If the night air has revived you there is the option of checking out the local night life as there are plenty of bars and clubs open around the central city area. Also there are some in other piazzas such as Piazza Navona and Campo dei Fiori that stay open until the early hours. Otherwise it’s back to the hotel to get ready for tomorrow.
It pays to start early, particularly in the summer to beat the crowds and the temperatures but luckily the city is not too spread out to get from one sight to the next. The metro system is basic to use to say the least, there are only two metro lines that criss-cross the city and the buses are clearly marked with destinations. Termini is the central bus and metro terminal. Tickets must be bought before boarding and validated in the yellow machines, starting from EUR1 for one journey.
No visit to Rome is complete without a trip to the. San Pietro is on the western side of the river Tiber with the dome of St Peter’s visible from most parts of the city. The museum rooms are open from 8.45 in the morning until 4pm, with the last entry just before 3.30pm, during the busy summer months. It is open until 1pm on Saturdays and low season, while it is closed on Sundays and religious observances. You need plenty of time to walk through the 7km of museum rooms to reach the Sistine chapel where you can admire the detail and wonder at the creation on the ceiling by Michelangelo. It pays to have some sort of description of the frescoes handy to explain what you are looking at. The Pope gives his public address on Wednesday mornings at 11am.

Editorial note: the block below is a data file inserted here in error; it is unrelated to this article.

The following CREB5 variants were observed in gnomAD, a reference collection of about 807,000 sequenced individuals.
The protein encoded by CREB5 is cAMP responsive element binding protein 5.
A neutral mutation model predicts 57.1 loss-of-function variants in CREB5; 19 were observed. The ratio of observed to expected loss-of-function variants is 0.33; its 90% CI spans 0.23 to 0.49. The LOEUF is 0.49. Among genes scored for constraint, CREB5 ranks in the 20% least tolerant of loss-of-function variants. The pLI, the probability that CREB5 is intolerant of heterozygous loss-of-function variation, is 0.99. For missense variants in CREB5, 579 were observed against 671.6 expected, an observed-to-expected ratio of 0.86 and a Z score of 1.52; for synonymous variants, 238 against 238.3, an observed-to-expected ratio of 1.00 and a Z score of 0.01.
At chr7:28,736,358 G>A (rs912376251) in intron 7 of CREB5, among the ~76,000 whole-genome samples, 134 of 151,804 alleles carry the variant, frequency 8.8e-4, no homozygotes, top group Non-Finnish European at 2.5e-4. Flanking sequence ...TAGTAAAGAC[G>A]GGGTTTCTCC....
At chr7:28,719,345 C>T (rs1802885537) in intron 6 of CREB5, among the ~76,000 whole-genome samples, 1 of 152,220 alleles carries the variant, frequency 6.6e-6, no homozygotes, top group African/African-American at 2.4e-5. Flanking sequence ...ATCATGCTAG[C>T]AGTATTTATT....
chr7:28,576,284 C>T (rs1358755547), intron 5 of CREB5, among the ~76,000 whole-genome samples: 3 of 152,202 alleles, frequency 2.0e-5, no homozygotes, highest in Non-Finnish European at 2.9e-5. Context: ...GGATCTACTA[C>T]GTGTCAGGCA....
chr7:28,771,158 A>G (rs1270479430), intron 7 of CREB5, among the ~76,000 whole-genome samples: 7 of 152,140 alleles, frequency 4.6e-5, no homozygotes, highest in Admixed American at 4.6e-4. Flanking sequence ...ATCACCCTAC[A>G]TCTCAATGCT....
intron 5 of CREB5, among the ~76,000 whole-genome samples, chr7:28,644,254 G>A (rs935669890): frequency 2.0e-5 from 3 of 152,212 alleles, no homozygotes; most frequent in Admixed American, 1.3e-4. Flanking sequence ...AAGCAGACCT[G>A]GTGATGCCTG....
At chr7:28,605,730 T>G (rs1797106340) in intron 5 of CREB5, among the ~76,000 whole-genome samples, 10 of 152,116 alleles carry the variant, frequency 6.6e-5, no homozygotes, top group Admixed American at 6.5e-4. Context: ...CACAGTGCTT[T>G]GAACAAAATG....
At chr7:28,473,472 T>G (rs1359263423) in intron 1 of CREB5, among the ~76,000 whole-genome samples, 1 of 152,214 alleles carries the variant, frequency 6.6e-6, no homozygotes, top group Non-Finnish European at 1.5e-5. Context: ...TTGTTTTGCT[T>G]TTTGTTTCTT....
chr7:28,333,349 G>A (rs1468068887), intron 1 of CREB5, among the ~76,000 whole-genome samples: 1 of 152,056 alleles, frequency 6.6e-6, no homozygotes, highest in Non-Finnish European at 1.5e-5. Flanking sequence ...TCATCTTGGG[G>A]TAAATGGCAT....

If you are still hungry for more there is the vast interior of the Basilica itself, the crypt below and the view from the dome above down into the square. Now is probably a good time to find some lunch before taking on the Colosseum and the Roman Forum. Take plenty of water with you in the summer months as wily vendors will sell small bottles at exorbitant prices. Along lunch also gets you out of the hottest part of the day.